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  4. I want to congratulate you for your resilience and positive attitude which enabled you survive the seemingly overwhelming adverse life circumstances. As a mental health professional, I can relate perfectly with your lived experience. Without equivocation, I will say that yours (i.e., diagnosis) was a case of “spiritualizatuion” and “medicalization” of a purely psychosocial problem which is very common in our society. In my view, there was nothing abnormal about your behaviour, given your circumstances and trauma experience experience. Absolutely, nothing to warrant such a diagnosis and anti-psychotic medications. All you needed was appropriate evidence-based psychological intervention to address the underlying triggers and adequate social support. It’s, however, heartwarming that you have now become a valuable asset for mental health advocacy. Together, let’s join hands to fight misconceptions, stigmatisation and over-medicvalisation of psychological problems.

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  5. The common adage ” experience is the best teacher” holds true for this group of individuals.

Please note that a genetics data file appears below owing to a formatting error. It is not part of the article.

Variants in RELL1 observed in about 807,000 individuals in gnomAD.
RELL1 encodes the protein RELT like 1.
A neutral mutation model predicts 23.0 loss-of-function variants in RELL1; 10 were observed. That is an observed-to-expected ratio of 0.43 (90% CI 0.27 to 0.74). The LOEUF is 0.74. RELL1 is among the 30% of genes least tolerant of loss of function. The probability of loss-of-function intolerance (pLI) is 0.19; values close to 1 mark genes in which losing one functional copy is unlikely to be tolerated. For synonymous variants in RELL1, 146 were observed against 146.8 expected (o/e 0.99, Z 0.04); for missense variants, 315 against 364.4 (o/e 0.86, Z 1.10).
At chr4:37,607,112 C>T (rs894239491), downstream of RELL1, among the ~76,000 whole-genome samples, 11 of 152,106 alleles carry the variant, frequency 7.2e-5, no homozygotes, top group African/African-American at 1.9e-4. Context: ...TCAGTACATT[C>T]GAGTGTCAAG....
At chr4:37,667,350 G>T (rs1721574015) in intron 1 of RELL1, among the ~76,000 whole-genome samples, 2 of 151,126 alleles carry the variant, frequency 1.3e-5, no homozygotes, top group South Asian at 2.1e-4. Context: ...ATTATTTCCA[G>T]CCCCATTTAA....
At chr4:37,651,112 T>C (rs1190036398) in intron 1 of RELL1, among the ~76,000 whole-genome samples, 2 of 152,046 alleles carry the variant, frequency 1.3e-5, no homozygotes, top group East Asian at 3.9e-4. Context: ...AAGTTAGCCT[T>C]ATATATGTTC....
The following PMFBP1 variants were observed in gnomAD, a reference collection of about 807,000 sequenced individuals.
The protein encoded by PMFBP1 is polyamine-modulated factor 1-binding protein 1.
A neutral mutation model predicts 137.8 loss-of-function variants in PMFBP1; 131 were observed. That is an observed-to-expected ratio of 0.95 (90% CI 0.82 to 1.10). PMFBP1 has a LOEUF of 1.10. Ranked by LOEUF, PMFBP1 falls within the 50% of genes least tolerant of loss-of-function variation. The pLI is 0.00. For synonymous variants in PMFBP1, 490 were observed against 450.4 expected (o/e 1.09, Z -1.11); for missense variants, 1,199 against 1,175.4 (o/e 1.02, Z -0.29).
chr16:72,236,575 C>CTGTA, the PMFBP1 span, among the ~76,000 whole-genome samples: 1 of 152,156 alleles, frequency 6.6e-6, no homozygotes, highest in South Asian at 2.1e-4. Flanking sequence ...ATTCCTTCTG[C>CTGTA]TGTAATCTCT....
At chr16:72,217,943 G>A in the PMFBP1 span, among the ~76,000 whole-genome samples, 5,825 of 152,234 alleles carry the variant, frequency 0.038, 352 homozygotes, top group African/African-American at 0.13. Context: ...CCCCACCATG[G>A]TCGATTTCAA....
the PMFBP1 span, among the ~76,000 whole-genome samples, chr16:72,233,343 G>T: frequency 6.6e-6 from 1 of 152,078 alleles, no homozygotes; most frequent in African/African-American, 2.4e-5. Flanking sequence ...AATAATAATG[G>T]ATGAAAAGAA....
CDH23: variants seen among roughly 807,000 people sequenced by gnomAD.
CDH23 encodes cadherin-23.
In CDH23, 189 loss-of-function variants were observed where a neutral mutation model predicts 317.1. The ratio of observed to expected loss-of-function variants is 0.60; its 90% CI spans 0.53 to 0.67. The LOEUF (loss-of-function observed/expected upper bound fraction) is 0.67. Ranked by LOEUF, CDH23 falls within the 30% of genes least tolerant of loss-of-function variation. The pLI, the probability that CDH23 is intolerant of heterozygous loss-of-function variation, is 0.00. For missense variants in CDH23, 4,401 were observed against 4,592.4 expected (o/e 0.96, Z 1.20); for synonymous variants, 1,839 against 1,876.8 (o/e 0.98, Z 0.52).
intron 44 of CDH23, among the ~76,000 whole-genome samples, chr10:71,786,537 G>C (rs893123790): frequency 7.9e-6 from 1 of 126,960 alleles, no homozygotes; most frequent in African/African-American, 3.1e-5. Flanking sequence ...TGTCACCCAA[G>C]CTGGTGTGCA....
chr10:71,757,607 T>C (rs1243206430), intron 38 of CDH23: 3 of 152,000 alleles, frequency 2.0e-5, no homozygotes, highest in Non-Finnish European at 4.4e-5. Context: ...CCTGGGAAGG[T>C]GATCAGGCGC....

In many places around the world, till date, the stigma they encounter is definitely more atrocious and by far less palatable…..than a bad toothache….

    Kudos to you dear Peer Researcher

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  6. Thank you madam Mayowa for the good work you are doing, pls I personally need your help for a relative of mine who is going through exactly what you have experienced. Pls take this as an urgent matter. Who knows if your speaking with might be the solution she needs. God bless you ma

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  7. The common adage ” experience is the best teacher” holds true for this group of individuals.
    In many places around the world, till date, the stigma they encounter is definitely more atrocious and by far less palatable…..than a bad toothache….

    Kudos to you dear Peer Researcher

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  8. I am so proud of you for advocates your needs and rights and now able to live a normal life. Your story is similar to someone close to my heart, and he takes also Risperdal and go through the sides effects. I will definitely educate myself in the holistic care to see if it can help him better. Wish you the best luck! ❤️